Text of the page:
Fish-like sensors act as eyes and ears of robot subs
Professor Miao Jianmin (centre) and team members with the underwater sensors
Navigation for autonomous underwater vehicles (AUVs) could become more accurate with the development of a $100 sensory device that mimics the ‘feelers’ found on a blind deep water fish.
Engineers at Nanyang Technical University in Singapore have prototyped the sensors, which use a combination of computer vision and water pressure technology to create a 3D image of their surroundings, and are testing them on AUVs developed by partners Singapore-MIT Alliance for Research and Technology (SMART) for environmental monitoring.
The low-energy MEMS (microelectromechanical systems) devices could make the often bulky, inaccurate and heavily energy-dependent cameras and sonars usually integrated onto AUVs redundant, instead packing all the navigational tools into an array of 1.8mm-square sensors.
“Other methods like underwater lights and cameras, acoustic navigation, and sonars do work, but they are very expensive and require very high levels of power that drain the batteries,” says Professor Michael Triantafyllou of Massachusetts Institute of Technology (MIT). “The new sensors are much cheaper and only require small amounts of power. Also, sensors like sonar are loud and invasive and they may harm aquatic animals that also use sound waves to navigate.”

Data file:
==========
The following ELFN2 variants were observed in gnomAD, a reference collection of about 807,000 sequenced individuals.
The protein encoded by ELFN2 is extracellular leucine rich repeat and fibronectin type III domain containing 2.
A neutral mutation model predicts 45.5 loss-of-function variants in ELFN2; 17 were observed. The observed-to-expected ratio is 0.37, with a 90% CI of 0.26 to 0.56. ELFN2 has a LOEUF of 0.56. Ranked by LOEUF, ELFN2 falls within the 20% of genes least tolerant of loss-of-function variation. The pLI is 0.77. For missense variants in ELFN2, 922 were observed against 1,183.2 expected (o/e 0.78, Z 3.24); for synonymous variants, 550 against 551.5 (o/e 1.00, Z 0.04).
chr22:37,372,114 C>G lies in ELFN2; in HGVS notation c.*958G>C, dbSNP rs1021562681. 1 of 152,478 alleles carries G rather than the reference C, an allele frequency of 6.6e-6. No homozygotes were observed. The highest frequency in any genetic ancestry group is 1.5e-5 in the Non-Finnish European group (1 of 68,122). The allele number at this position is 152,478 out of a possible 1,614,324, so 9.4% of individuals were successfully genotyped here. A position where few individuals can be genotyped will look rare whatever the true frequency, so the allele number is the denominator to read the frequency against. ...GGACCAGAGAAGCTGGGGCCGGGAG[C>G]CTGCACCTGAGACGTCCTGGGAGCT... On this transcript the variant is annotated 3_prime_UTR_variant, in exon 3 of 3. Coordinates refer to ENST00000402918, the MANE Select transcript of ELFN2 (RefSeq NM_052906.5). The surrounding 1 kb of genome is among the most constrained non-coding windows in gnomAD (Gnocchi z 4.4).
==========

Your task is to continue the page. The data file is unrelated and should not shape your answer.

A team led by Associate Professor Miao Jianmin created arrays of tiny sensory pillars coated with a hydrogel to mimic the feelers on each side of the blind cave fish that allow it to move around the sea-bed without collisions. A piezo-electric sensor generates a voltage when water flows past the feelers, while a low-powered biomimetic sensor can detect objects even in still water.
Prof Miao explained: “this array of micro-sensors will allow AUVs to locate, identify, and classify obstacles and objects in water through water pressure and also to optimise its movement in water by sensing the water flow.”
"The 1950s saw the first big wave of 3D films, but the novelty wore off. Sixty years later, 3D may be back to stay as the technology goes mainstream."
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